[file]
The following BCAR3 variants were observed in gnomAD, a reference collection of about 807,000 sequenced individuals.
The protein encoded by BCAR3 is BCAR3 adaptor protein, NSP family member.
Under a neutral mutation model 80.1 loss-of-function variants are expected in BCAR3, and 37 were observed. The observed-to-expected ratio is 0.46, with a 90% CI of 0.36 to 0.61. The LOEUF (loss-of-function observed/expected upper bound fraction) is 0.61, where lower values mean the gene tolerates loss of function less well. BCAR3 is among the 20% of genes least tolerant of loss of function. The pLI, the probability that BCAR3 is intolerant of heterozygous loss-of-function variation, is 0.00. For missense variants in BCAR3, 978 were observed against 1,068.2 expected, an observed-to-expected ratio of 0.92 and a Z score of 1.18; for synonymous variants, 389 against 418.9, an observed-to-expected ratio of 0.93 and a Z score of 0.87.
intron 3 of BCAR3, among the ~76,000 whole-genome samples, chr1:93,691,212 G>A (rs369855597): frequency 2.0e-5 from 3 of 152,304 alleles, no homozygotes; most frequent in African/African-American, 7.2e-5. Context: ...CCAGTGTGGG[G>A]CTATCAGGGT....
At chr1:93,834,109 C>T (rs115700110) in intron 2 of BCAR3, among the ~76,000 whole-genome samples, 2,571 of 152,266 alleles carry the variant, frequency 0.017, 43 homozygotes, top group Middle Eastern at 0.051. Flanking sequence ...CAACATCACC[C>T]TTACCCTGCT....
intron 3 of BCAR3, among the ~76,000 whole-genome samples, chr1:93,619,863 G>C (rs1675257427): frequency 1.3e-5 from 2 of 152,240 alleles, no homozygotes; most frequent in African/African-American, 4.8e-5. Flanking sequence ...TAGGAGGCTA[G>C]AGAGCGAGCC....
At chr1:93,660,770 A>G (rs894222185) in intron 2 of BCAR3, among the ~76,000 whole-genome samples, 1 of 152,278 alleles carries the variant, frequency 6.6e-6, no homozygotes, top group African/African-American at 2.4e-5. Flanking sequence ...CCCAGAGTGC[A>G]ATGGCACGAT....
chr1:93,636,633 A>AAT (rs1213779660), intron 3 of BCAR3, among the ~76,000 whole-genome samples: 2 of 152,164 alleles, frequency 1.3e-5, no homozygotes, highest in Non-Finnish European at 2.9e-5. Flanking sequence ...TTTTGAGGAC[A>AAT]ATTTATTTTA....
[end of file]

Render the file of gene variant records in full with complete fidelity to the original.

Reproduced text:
The following BCAR3 variants were observed in gnomAD, a reference collection of about 807,000 sequenced individuals.
The protein encoded by BCAR3 is BCAR3 adaptor protein, NSP family member.
Under a neutral mutation model 80.1 loss-of-function variants are expected in BCAR3, and 37 were observed. The observed-to-expected ratio is 0.46, with a 90% CI of 0.36 to 0.61. The LOEUF (loss-of-function observed/expected upper bound fraction) is 0.61, where lower values mean the gene tolerates loss of function less well. BCAR3 is among the 20% of genes least tolerant of loss of function. The pLI, the probability that BCAR3 is intolerant of heterozygous loss-of-function variation, is 0.00. For missense variants in BCAR3, 978 were observed against 1,068.2 expected, an observed-to-expected ratio of 0.92 and a Z score of 1.18; for synonymous variants, 389 against 418.9, an observed-to-expected ratio of 0.93 and a Z score of 0.87.
intron 3 of BCAR3, among the ~76,000 whole-genome samples, chr1:93,691,212 G>A (rs369855597): frequency 2.0e-5 from 3 of 152,304 alleles, no homozygotes; most frequent in African/African-American, 7.2e-5. Context: ...CCAGTGTGGG[G>A]CTATCAGGGT....
At chr1:93,834,109 C>T (rs115700110) in intron 2 of BCAR3, among the ~76,000 whole-genome samples, 2,571 of 152,266 alleles carry the variant, frequency 0.017, 43 homozygotes, top group Middle Eastern at 0.051. Flanking sequence ...CAACATCACC[C>T]TTACCCTGCT....
intron 3 of BCAR3, among the ~76,000 whole-genome samples, chr1:93,619,863 G>C (rs1675257427): frequency 1.3e-5 from 2 of 152,240 alleles, no homozygotes; most frequent in African/African-American, 4.8e-5. Flanking sequence ...TAGGAGGCTA[G>C]AGAGCGAGCC....
At chr1:93,660,770 A>G (rs894222185) in intron 2 of BCAR3, among the ~76,000 whole-genome samples, 1 of 152,278 alleles carries the variant, frequency 6.6e-6, no homozygotes, top group African/African-American at 2.4e-5. Flanking sequence ...CCCAGAGTGC[A>G]ATGGCACGAT....
chr1:93,636,633 A>AAT (rs1213779660), intron 3 of BCAR3, among the ~76,000 whole-genome samples: 2 of 152,164 alleles, frequency 1.3e-5, no homozygotes, highest in Non-Finnish European at 2.9e-5. Flanking sequence ...TTTTGAGGAC[A>AAT]ATTTATTTTA....